Illumina (NASDAQ:ILMN) has held go-to status as the dominant maker of gene-sequencing devices for years, but a new, next-generation gene-sequencing machine made by Pacific Biosciences (NASDAQ:PACB) aims to change that. Can Illumina fend off this competitor?
First, a bit of background
As the cost to sequence a gene falls and researchers increasingly discover the genetic causes of disease, drugmakers are flocking to create genetically inspired, personalized medicine. As a result, there's been a tidal wave of demand for gene-sequencing machines that allow researchers to peer into and analyze DNA.
Currently, Illumina, which markets high-throughput machines that can sequence an entire genome for less than $1,000, is the leading manufacturer of these machines, controlling an estimated 90% market share. Globally, Illumina boasts an installed base of more than 7,500 machines, including 300 top-of-the-line HiSeq X sequencers. As a result, sales of Illumina's sequencers and the consumables used to run them topped $2.2 billion last year, up 19% from 2014.
Mounting a threat
Up until now, Pacific Biosciences has been a bit player in the gene-sequencing industry.
The company's installed base of 160 units and its $93 million in 2015 sales, including $30 million in milestone payments from Roche Holdings, positions it a far cry south of Illumina.
However, Pacific Biosciences' next-generation sequencer -- the Sequel -- may allow it to mount its most significant threat to Illumina yet.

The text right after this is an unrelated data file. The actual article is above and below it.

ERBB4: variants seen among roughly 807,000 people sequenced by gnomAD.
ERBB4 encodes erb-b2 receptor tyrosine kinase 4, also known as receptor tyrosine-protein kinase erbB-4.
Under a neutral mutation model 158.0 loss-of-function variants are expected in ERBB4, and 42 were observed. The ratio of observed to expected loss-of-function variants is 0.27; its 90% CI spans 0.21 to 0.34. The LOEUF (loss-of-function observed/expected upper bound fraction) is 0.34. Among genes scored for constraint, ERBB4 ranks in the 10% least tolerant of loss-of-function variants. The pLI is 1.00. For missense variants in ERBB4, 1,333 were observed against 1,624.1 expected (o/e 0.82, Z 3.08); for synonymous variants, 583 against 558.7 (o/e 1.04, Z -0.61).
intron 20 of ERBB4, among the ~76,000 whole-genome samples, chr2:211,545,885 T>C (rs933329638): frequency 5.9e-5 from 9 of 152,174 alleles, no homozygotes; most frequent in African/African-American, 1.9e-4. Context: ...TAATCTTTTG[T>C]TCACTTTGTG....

The Sequel's $350,000 price tag is roughly half the price of the company's previous RS II model. Thanks to new technology, the Sequel is far smaller and less heavy than its predecessor too. Additionally, the Sequel can deliver longer read data than Illumina and researchers may find that advantage compelling, especially if they're working in clinical research.
Overall, Sequel's cost and performance advantage could lead to Pacific Biosciences selling a bunch of them -- something that may already be beginning.
In Q4, Pacific Biosciences reports that they received 49 orders for the Sequel, including orders for 10 machines that they installed at customer sites in December. That's arguably a solid start for the Sequel considering that the company only recorded 40 orders for the RS II in 2014.
Hang on a minute...
Does the Sequel mean that Illumina's best days are behind it?
Not necessarily. The Sequel is an intriguing machine, but Illumina is far from on the ropes. Illumina's product line is broader, it's deeply entrenched with its customers, and it's got deep pockets that can allow it to respond to the Sequel with products of its own. Pacific Biosciences has less than $85 million in cash on the books exiting last quarter, while Illumina has a $1.2 billion cash stockpile. That's a big advantage and it should give Illumina the financial flexibility to navigate around the Sequel.
Perhaps, a bigger risk to Illumina will come from Roche Holdings. Roche's deal with Pacific Biosciences allows it to rebrand the Sequel and sell it to clinicians in the field of in vitro diagnostics. Given Roche is a global powerhouse and the role of sequencers as a tool for diagnosing illness and determining treatment protocols could be huge, Roche's sequencing business could pose a big threat to Illumina's MiSeqDx machine, which targets the in vitro diagnostics market.
Genetic sequencing is fueling the development of increasingly complex medicine and, arguably, that's where the drug industry is heading. If Pacific Biosciences can convince researchers that Sequel's cost and long read advantage are worth it, then this stock could become one of the market's most intriguing growth stories over the next few years.
However, the Sequel's launch is in the early days, so there's no guarantee that customers will continue to flock to it, or if they do, that Pacific Biosciences will turn profitable. Because of those risks, Pacific Biosciences may be worth keeping an eye on, but it's still a high-risk investment.